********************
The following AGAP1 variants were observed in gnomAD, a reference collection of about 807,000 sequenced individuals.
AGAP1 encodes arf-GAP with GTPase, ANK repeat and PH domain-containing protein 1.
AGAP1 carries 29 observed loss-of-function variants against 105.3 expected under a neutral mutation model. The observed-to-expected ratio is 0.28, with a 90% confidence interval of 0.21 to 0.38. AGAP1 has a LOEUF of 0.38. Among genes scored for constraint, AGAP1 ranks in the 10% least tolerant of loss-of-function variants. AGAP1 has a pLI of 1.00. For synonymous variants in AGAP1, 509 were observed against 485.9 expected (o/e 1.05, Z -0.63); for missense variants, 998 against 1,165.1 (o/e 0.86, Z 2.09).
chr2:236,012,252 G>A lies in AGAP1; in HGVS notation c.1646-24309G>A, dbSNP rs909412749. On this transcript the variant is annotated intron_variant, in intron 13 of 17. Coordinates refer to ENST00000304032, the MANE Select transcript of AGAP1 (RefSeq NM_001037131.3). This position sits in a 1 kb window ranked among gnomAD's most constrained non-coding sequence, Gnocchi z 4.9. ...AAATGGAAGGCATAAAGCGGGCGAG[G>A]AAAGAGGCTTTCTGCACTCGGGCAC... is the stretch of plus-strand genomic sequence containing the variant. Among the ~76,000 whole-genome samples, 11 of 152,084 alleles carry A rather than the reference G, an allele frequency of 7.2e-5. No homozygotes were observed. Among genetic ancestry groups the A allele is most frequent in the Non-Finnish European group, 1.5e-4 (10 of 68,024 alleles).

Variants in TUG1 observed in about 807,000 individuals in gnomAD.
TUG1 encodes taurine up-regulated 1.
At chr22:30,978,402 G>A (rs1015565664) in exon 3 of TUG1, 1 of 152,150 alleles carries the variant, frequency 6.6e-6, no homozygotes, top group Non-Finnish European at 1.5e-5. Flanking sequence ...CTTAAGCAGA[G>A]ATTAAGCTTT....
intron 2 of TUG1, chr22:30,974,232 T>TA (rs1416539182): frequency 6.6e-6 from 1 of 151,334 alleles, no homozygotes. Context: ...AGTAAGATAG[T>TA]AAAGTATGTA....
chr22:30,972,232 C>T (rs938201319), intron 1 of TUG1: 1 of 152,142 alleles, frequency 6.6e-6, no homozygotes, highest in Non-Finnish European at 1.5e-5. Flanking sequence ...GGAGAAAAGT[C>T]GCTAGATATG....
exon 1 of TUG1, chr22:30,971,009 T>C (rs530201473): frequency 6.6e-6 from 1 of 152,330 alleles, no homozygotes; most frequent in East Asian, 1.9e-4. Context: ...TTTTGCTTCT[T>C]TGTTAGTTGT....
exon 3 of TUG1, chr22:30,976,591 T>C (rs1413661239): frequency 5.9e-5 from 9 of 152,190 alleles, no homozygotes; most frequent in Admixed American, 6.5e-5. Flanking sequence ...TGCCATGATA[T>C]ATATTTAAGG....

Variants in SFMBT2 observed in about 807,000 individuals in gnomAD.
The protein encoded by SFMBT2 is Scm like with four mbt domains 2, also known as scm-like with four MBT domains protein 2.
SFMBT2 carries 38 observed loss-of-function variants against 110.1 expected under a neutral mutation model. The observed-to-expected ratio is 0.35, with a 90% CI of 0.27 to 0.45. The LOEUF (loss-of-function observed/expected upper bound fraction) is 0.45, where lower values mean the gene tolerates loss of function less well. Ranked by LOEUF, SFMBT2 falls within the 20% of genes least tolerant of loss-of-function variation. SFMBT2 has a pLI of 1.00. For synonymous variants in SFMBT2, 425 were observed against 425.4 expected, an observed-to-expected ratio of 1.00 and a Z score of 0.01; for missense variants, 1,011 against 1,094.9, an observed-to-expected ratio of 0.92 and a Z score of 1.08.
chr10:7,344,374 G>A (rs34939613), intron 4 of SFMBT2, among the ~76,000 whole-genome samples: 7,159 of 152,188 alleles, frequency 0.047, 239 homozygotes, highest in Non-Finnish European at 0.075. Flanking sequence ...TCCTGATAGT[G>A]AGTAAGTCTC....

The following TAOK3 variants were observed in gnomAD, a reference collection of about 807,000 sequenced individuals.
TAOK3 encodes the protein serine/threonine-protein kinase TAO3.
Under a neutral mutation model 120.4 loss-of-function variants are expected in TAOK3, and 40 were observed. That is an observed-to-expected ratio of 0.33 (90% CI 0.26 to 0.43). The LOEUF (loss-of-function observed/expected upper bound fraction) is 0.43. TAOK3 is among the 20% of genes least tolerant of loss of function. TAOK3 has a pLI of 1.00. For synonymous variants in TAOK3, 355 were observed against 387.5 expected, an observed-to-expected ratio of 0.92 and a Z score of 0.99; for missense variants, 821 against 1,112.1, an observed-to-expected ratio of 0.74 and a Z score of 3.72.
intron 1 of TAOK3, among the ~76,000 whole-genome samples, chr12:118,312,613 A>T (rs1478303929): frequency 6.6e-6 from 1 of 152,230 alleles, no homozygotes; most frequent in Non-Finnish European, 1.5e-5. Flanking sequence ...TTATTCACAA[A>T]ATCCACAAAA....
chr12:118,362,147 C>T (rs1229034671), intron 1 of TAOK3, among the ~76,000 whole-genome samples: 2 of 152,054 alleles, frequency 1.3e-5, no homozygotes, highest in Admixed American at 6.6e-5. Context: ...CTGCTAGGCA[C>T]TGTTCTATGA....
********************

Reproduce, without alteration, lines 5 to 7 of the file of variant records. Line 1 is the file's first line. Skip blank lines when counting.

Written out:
Variants in TUG1 observed in about 807,000 individuals in gnomAD.
TUG1 encodes taurine up-regulated 1.
At chr22:30,978,402 G>A (rs1015565664) in exon 3 of TUG1, 1 of 152,150 alleles carries the variant, frequency 6.6e-6, no homozygotes, top group Non-Finnish European at 1.5e-5. Flanking sequence ...CTTAAGCAGA[G>A]ATTAAGCTTT....